Future Majority, a blog that reports on youth voting, put together a set of tips for reporting on "the youth vote."
Tip #1 is my favorite:
The youth vote is not synonymous with students. In fact, students make up only a small part of the eligible youth vote. Only 21% of all 18-29 year olds are currently attending a college or university. That means that when you report on "students", you are leaving out the other 79% of all the individuals that make up the "youth vote." These people serve in our military, are struggling to raise families - and yes, have very different concerns from college students. I understand that makes it difficult for you to cram them into a cookie-cutter story about student aid activism and tuition costs, but you do them and your readers and our democracy a disservice when you limit your coverage to students.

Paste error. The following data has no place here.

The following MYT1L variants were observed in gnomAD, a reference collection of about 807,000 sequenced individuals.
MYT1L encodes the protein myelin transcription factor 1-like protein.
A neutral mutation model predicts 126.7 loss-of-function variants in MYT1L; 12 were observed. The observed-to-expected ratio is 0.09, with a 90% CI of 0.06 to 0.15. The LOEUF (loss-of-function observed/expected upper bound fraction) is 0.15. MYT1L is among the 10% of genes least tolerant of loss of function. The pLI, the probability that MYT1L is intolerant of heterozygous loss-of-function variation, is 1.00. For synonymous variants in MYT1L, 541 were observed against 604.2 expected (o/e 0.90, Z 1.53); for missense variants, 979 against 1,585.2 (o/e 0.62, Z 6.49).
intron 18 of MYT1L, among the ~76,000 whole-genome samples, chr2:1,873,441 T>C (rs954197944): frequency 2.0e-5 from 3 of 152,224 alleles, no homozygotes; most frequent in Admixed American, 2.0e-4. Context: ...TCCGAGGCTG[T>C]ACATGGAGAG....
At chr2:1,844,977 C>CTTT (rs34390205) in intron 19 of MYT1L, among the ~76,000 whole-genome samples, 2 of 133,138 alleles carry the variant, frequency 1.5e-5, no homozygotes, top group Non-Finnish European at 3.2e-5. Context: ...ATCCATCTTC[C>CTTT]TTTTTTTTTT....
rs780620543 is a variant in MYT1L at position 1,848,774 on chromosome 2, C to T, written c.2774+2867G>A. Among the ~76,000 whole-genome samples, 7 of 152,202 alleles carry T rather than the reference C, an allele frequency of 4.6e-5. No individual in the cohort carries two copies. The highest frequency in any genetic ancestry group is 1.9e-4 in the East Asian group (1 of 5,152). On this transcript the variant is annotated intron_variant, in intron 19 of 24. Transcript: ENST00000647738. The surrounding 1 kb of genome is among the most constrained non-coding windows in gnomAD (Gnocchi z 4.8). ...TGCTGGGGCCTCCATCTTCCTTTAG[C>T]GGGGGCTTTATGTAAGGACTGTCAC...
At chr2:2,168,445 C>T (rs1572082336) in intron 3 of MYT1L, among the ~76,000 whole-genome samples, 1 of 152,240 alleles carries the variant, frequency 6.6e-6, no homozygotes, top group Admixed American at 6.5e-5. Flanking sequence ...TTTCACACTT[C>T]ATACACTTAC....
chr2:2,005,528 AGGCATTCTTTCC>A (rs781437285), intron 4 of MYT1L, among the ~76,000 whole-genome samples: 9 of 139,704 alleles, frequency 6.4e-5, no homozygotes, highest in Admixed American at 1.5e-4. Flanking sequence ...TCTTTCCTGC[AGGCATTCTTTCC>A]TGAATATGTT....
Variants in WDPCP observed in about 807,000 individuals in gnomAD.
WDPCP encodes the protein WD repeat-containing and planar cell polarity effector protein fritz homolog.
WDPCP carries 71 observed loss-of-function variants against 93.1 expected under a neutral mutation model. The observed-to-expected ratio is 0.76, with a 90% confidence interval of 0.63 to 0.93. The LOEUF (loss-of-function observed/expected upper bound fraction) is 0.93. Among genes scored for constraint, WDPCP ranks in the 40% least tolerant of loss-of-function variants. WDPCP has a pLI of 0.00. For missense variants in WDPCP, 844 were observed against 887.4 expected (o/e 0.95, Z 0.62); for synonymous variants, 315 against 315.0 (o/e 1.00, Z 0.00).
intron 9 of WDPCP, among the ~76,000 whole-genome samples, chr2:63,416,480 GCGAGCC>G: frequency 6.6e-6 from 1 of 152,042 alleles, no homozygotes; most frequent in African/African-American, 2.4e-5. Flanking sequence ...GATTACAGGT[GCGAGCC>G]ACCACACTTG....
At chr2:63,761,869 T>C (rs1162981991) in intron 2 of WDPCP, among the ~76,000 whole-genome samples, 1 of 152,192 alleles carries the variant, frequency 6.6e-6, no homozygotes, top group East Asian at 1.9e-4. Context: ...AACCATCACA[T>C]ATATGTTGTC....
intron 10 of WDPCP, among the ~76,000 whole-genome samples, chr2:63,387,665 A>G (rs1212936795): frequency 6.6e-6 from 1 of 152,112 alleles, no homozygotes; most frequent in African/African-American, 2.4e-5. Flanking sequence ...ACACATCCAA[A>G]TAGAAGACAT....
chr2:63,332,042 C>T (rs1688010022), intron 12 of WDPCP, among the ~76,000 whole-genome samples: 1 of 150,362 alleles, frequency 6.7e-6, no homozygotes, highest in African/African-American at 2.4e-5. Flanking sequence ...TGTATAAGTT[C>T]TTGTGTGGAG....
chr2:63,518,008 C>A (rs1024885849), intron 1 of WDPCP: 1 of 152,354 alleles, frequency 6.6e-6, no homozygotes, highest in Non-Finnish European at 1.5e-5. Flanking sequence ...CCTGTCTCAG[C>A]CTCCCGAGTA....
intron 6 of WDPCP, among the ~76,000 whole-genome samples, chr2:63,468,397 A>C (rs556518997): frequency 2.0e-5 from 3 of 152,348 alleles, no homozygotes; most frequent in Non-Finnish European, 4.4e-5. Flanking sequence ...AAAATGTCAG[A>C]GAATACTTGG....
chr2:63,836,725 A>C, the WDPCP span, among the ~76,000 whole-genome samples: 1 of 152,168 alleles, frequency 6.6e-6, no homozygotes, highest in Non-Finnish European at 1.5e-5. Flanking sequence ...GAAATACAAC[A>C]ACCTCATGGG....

Mike Connery, one of the site's bloggers, put together the tips after the CNN debate in which a college student was forced by producers to ask Hilary Clinton whether she preferred diamonds or pearls, instead of the original question about the Yucca Mountain nuclear situation.
The woman later lambasted CNN for forcing such a fluff question. This whole mini-drama falls in line with a topic of conversation that comes up frequently at Likemind: that "youth" are more mobile, more connected and more able to voice their opinions than any generation before them. This is the only world they know, and are aghast when that right is stepped on--as in the instance of diamonds v pearls. Yes, there's a twinge of self-righteousness that every sprouting adult experiences, but this generation is more able to retaliate when they've been wronged. Are they taking full advantage? Depends on the metrics we're using to judge. If we go back to voting, 49% of 18-29 year olds voted in the last election, a higher percentage than 65+. So watch out, youth have a big stick.